Kiehl v. Action Mfg. Co.

Annotate this Case

517 Pa. 183 (1987)

535 A.2d 571

Maxine KIEHL and Lynn Ann Hess, Appellants, v. ACTION MANUFACTURING COMPANY, Appellee.

Supreme Court of Pennsylvania.

Argued November 10, 1987.

Decided December 24, 1987.

Reargument Denied February 18, 1988.

*184 Stephen F. Dryden, Edward McCandless, Philadelphia, for appellants.

William Goldstein, Philadelphia, for appellee.



LARSEN, Justice.

In this case we must decide whether a parent corporation is entitled to immunity (pursuant to the Pennsylvania Workmen's *185 Compensation Act, Act of June 2, 1915 P.L. 736 as amended June 21, 1939 P.L. 520 (Purdon's 1952) 77 P.S. § 481(a)) from a third party suit brought against the parent corporation by an employee of its wholly owned subsidiary corporation.

Appellants, Maxine Kiehl and Lynn Ann Hess, brought individual actions in trespass against Appellee, Action Manufacturing Company (Action). Appellants were production line employees of Amcom Incorporated (Amcom), a wholly owned subsidiary of Action. Action manufactures munitions for the United States government including, fire control devices, fuzes, arming devices and explosives.

Before Amcom was formed, Action operated four munitions plants. Three plants were located at Bermuda, Cedar and Large Streets in Philadelphia, and were operated as divisions of Action. A fourth plant located in Vineland, New Jersey was a wholly-owned subsidiary of Action, called Amram Incorporated (Amram). Due to expansion of Action's business, land and buildings were purchased in Atglen, Pennsylvania, to manufacture load detonaters. The production of load detonaters could not be accomplished by Amram or the non-subsidiary divisions because the United States government required minimum distances between metropolitan areas and plants handling explosives or pyrotechnics and none of the existing plants satisfied the federal standards.

Upon advice of counsel, a decision was made by Harry Stern, president of Action, to incorporate Amcom as a wholly-owned subsidiary of Action, rather than operate the Atglen plant as a division of the parent company. The corporations shared similar officers. Harry Stern was president, and Milton Rice was vice-president and comptroller of both Action and Amcom. Mr. Stern hired Joe Tamany as plant manager of Amcom. Mr. Tamany was entrusted with the day-to-day management, including, recruitment, hiring and firing of employees. Amcom employees specifically reported to Mr. Tamany regarding all aspects of their work. However, all major policy decisions relating to production, *186 purchasing and sales were controlled by the parent, Action. Amcom had no customers of its own, no individual sales division and no independent contracts with the government.

Appellants, Kiehl and Hess responded to an advertisement announcing the hiring of Amcom employees. Both women were interviewed and hired by Mr. Tamany. Ms. Kiehl began working on May 26, 1976, and Ms. Hess in March of 1976. On May 30, 1978, an explosion occurred at the Atglen plant seriously injuring Appellants. Maxine Kiehl is totally, permanently disabled. As a result of the explosion, her right tympanic membrane was ruptured causing severe, conductive hearing loss. Ms. Kiehl also suffers from episodes of vertigo which cause her to fall and prevent her from working or driving. Lynn Ann Hess has a permanent condition of tinnitus, which is slight hearing loss accompanied by ringing in the ears. Appellants filed claims and received workmen's compensation benefits from their employer Amcom. Amcom's insurance was issued jointly to Amcom and Action.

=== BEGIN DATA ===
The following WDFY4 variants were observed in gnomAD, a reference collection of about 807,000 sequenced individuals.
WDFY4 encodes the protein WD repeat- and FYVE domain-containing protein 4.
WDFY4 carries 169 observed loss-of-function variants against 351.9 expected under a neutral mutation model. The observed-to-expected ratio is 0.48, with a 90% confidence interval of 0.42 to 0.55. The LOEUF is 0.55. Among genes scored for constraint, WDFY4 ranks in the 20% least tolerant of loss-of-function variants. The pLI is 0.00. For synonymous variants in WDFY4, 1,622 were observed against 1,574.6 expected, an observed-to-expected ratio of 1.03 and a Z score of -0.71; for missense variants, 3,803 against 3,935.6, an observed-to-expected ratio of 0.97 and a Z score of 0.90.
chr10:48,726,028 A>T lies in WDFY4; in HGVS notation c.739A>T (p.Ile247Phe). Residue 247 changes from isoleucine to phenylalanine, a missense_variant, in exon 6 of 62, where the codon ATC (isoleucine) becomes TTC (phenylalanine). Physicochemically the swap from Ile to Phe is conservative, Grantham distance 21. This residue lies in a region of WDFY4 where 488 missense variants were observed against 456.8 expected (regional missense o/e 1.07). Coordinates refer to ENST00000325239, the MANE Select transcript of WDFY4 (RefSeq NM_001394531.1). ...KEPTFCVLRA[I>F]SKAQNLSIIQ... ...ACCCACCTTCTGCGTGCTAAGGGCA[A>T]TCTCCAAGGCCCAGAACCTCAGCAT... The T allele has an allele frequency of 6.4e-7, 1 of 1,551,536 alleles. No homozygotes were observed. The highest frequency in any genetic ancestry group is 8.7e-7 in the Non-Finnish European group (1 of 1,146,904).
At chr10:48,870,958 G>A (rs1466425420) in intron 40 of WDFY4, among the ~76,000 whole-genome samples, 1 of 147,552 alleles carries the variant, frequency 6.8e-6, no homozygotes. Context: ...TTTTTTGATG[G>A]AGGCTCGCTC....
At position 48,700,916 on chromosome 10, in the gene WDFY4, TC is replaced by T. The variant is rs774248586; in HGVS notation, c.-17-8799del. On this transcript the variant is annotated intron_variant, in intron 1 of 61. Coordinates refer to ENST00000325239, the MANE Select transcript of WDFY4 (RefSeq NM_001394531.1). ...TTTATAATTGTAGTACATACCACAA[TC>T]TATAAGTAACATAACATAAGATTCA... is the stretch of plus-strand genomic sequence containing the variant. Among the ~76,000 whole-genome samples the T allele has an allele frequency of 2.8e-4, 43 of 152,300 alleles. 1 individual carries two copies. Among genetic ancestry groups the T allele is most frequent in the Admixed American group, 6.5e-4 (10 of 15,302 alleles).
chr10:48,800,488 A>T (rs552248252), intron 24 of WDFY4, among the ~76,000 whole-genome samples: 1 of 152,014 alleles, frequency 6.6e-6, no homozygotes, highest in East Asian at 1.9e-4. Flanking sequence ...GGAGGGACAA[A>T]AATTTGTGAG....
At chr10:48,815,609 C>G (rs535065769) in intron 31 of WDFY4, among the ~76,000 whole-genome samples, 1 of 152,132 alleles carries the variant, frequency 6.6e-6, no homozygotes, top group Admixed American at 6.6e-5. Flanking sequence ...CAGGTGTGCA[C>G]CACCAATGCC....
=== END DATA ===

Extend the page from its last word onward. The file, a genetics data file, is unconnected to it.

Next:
Thereafter, Ms. Kiehl and Ms. Hess filed individual complaints in trespass against Action alleging independent acts of negligence.[1] Action's Answer and New Matter set forth an affirmative defense, that Action and Amcom were a single employer for purposes of the Pennsylvania Workmen's Compensation Act, 77 P.S. § 21(a). Hence, Action argued it was immune from further suit pursuant to the exclusivity provisions of the Act. 77 P.S. § 481(a). The trial judge, sitting without a jury, determined that Action was Appellants' employer. Judgment was entered in favor of Action and affirmed in a memorandum opinion by the Superior Court, 357 Pa.Super. 641, 513 A.2d 1080. We granted the Appellants' petition for allowance of appeal and we now reverse.

Our scope of review in workmen's compensation cases is limited to determining whether constitutional rights were *187 violated, an error of law was committed, or the necessary findings of fact were supported by substantial evidence. Jay Lines, Inc. v. Workmen's Compensation Appeal Board, 66 Pa.Cmwlth. 299, 443 A.2d 1370 (1982). The existence of the employer/employee relationship is a legal question which is based on the facts of a particular case. Harris v. Seiavitch, 336 Pa. 294, 9 A.2d 375 (1939).

Our analysis begins with section 481(a) of the Pennsylvania Workmen's Compensation Act which states:

The liability of an employer under this act shall be exclusive and in the place of any and all other liability to such employes, . . . or any one otherwise entitled to damages in any action at law or otherwise on account of any injury or death . . .